The Federal Communications Commission advanced a new “net neutrality” proposal Thursday with a 3-2 vote.
The vote moves the proposed rules to a 120-day public comment period, according to the Associated Press.
The newly proposed rules would prevent Internet service providers from deliberately slowing data from content providers like Netflix. It would, however, allow service providers, like Verizon or Comcast, to charge fees to content companies in order to prioritize their traffic.
Opponents argue that customers are already paying high fees for Internet service and there is no need to create an additional revenue stream for the giant service providers. They also believe that creating so-called fast lanes of service for those content providers who can pony up the cash will destroy the neutral environment of the Internet.
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FCC Chairman Tom Wheeler disagrees. He is quoted in a story from Reuters as saying that he will use all of his powers to prevent "acts to divide the Internet between 'haves' and 'have nots.’"
“We are dedicated to protecting and preserving an open Internet,” Wheeler is quoted as saying by the New York Times. “What we’re dealing with today is a proposal, not a final rule. We are asking for specific comment on different approaches to accomplish the same goal, an open Internet.”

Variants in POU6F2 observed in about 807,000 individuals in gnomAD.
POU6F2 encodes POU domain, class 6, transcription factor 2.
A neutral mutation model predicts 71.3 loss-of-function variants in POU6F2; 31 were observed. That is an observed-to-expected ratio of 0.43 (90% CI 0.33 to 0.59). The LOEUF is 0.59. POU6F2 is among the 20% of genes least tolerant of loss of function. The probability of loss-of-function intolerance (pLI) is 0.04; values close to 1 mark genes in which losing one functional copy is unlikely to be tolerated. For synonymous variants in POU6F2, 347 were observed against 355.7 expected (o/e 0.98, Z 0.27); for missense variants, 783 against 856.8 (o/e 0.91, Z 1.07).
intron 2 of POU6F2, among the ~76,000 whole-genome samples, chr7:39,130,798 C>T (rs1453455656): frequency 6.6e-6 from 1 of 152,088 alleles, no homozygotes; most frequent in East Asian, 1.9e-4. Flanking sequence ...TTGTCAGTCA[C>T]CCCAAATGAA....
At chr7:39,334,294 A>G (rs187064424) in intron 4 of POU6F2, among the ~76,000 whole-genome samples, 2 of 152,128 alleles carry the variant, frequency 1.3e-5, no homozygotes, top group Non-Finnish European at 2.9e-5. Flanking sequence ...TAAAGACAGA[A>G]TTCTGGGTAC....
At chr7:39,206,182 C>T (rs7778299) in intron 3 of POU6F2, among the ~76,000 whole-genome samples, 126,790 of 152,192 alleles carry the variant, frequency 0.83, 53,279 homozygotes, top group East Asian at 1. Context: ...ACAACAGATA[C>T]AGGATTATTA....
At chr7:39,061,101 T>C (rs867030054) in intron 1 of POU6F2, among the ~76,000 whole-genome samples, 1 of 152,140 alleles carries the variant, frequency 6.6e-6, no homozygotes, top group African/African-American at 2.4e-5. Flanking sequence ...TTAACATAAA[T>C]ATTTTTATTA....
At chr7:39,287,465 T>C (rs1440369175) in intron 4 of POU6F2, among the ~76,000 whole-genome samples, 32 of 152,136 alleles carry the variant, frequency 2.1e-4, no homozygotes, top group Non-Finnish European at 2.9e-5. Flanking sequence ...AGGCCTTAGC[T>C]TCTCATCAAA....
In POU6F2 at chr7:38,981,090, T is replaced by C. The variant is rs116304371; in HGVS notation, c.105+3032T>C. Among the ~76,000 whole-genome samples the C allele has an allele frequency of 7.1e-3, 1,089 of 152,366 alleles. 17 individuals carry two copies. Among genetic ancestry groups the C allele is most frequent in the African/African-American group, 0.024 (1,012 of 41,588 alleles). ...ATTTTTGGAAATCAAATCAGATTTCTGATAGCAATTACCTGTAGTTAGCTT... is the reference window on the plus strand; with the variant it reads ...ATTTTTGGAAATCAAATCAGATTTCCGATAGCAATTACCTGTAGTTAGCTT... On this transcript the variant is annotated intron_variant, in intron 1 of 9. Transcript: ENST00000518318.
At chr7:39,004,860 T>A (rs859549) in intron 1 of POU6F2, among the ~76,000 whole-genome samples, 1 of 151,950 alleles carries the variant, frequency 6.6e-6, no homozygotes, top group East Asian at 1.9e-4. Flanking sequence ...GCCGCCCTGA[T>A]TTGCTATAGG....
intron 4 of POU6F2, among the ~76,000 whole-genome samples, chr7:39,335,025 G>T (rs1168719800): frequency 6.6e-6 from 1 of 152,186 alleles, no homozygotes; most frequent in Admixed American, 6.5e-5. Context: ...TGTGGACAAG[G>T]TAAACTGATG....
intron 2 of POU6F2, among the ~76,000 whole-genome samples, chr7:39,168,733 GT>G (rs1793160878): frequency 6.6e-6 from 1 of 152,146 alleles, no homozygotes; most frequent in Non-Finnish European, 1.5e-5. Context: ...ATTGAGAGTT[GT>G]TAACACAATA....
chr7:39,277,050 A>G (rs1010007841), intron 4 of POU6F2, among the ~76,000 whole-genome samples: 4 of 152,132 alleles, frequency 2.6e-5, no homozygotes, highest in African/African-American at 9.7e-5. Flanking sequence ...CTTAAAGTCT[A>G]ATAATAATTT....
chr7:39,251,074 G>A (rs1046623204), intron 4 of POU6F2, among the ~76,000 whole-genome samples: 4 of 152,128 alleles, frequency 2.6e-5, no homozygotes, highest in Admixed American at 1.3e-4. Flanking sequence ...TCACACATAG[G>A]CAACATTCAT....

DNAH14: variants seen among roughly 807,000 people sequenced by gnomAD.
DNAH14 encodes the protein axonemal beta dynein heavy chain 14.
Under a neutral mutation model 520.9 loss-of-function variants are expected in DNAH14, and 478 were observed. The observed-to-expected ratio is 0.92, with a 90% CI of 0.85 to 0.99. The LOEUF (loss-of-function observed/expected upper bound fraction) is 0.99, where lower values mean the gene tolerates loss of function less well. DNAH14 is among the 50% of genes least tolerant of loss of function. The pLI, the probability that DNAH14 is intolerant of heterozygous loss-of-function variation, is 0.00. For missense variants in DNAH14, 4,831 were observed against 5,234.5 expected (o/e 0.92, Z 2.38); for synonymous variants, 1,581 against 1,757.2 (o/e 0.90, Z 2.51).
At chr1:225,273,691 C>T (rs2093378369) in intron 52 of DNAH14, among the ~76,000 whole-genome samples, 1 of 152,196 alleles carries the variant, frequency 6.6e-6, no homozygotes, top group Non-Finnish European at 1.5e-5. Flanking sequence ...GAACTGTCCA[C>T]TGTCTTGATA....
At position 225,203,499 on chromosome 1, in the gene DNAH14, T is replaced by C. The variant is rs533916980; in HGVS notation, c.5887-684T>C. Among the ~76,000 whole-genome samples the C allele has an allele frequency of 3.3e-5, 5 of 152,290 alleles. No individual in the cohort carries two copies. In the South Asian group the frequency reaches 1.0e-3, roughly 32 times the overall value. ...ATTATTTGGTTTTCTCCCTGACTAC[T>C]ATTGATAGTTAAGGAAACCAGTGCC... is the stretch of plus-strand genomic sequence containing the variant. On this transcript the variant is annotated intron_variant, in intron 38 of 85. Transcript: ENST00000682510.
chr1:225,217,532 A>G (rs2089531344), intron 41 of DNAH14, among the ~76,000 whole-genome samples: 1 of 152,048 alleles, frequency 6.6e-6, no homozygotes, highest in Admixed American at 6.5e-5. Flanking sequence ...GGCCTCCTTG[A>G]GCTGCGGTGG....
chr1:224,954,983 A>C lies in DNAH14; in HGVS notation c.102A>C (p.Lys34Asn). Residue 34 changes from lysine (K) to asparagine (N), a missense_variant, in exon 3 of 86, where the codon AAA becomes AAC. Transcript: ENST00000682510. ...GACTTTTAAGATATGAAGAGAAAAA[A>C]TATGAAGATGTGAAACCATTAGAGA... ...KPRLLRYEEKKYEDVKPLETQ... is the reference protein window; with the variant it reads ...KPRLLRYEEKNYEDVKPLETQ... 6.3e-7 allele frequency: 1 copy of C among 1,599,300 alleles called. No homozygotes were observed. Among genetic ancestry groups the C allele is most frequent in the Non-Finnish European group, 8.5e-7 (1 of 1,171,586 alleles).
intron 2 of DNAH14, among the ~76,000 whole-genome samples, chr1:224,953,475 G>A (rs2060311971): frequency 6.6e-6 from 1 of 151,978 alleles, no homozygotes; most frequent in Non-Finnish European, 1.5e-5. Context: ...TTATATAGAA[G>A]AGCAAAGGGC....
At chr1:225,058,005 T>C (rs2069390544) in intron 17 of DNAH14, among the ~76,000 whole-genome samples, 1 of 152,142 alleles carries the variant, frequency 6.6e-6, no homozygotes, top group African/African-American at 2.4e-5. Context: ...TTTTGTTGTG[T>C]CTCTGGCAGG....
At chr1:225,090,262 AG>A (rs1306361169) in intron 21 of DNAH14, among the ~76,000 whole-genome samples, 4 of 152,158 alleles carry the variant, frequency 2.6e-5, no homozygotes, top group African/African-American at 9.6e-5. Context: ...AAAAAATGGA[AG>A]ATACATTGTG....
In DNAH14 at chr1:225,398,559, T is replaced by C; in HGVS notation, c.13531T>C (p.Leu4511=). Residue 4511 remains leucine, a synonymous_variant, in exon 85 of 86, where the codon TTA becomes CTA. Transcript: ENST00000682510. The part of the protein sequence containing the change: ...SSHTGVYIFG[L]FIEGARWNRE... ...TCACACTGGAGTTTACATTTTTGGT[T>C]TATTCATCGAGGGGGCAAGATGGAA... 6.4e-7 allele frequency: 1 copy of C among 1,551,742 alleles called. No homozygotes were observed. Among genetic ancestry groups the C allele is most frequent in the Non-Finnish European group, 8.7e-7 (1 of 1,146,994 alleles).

The U.S. Court of Appeals for the District of Columbia Circuit threw out the FCC’s old net neutrality rules in January.
Consumer advocates believe the new rules should reclassify Internet service providers as closely regulated public utilities instead of the less-regulated information services that they are now. That would keep the Internet neutral, they say.
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Republican commissioner Ajit Pai voted against Wheeler’s proposal and disagrees.
“Nobody thinks of plain, old telephone service or utilities as cutting edge, but everyone recognizes that the Internet has boundless potential, and that’s because governments didn’t set the bounds early on,” he said, according to an article from PC World.
Democratic commissioner Mignon Clyburn expressed some concerns about the proposal but voted for it in order to open it up for public debate.
"The real call to action begins after the vote today," Clyburn said. "You have the ear of the entire FCC. The eyes of the world are on all of us."
The FCC will take public comments until July 15. After that the commission will hold an initial hearing and the public will be given the opportunity to respond to comments made in the hearing until Sept. 10. Wheeler has said he wants new rules in place by the end of the year.